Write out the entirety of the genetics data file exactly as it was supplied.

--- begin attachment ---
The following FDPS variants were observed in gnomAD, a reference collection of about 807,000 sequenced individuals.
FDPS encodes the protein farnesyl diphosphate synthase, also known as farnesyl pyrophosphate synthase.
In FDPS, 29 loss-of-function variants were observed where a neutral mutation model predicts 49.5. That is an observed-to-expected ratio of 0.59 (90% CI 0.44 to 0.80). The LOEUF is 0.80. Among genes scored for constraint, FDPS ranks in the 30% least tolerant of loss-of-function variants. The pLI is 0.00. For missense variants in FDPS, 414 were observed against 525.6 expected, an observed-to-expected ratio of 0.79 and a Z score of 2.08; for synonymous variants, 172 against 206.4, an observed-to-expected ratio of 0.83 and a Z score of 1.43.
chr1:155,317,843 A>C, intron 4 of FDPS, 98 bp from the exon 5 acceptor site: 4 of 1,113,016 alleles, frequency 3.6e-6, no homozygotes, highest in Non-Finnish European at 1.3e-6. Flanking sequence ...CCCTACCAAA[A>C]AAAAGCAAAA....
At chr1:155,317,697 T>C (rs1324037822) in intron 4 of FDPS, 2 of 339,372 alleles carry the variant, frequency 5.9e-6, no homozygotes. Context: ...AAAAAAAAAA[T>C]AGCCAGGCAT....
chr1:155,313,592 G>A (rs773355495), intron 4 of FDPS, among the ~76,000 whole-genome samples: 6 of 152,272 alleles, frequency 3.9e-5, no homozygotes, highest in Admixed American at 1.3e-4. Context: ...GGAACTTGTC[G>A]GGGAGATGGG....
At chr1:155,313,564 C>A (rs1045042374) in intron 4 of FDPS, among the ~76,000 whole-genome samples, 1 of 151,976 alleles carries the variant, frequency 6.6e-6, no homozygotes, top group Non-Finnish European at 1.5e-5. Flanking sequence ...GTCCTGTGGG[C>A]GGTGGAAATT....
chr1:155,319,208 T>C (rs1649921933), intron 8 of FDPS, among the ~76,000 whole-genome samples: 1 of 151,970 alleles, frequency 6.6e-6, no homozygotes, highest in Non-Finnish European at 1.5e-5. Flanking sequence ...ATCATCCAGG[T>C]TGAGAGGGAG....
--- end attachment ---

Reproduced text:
The following FDPS variants were observed in gnomAD, a reference collection of about 807,000 sequenced individuals.
FDPS encodes the protein farnesyl diphosphate synthase, also known as farnesyl pyrophosphate synthase.
In FDPS, 29 loss-of-function variants were observed where a neutral mutation model predicts 49.5. That is an observed-to-expected ratio of 0.59 (90% CI 0.44 to 0.80). The LOEUF is 0.80. Among genes scored for constraint, FDPS ranks in the 30% least tolerant of loss-of-function variants. The pLI is 0.00. For missense variants in FDPS, 414 were observed against 525.6 expected, an observed-to-expected ratio of 0.79 and a Z score of 2.08; for synonymous variants, 172 against 206.4, an observed-to-expected ratio of 0.83 and a Z score of 1.43.
chr1:155,317,843 A>C, intron 4 of FDPS, 98 bp from the exon 5 acceptor site: 4 of 1,113,016 alleles, frequency 3.6e-6, no homozygotes, highest in Non-Finnish European at 1.3e-6. Flanking sequence ...CCCTACCAAA[A>C]AAAAGCAAAA....
At chr1:155,317,697 T>C (rs1324037822) in intron 4 of FDPS, 2 of 339,372 alleles carry the variant, frequency 5.9e-6, no homozygotes. Context: ...AAAAAAAAAA[T>C]AGCCAGGCAT....
chr1:155,313,592 G>A (rs773355495), intron 4 of FDPS, among the ~76,000 whole-genome samples: 6 of 152,272 alleles, frequency 3.9e-5, no homozygotes, highest in Admixed American at 1.3e-4. Context: ...GGAACTTGTC[G>A]GGGAGATGGG....
At chr1:155,313,564 C>A (rs1045042374) in intron 4 of FDPS, among the ~76,000 whole-genome samples, 1 of 151,976 alleles carries the variant, frequency 6.6e-6, no homozygotes, top group Non-Finnish European at 1.5e-5. Flanking sequence ...GTCCTGTGGG[C>A]GGTGGAAATT....
chr1:155,319,208 T>C (rs1649921933), intron 8 of FDPS, among the ~76,000 whole-genome samples: 1 of 151,970 alleles, frequency 6.6e-6, no homozygotes, highest in Non-Finnish European at 1.5e-5. Flanking sequence ...ATCATCCAGG[T>C]TGAGAGGGAG....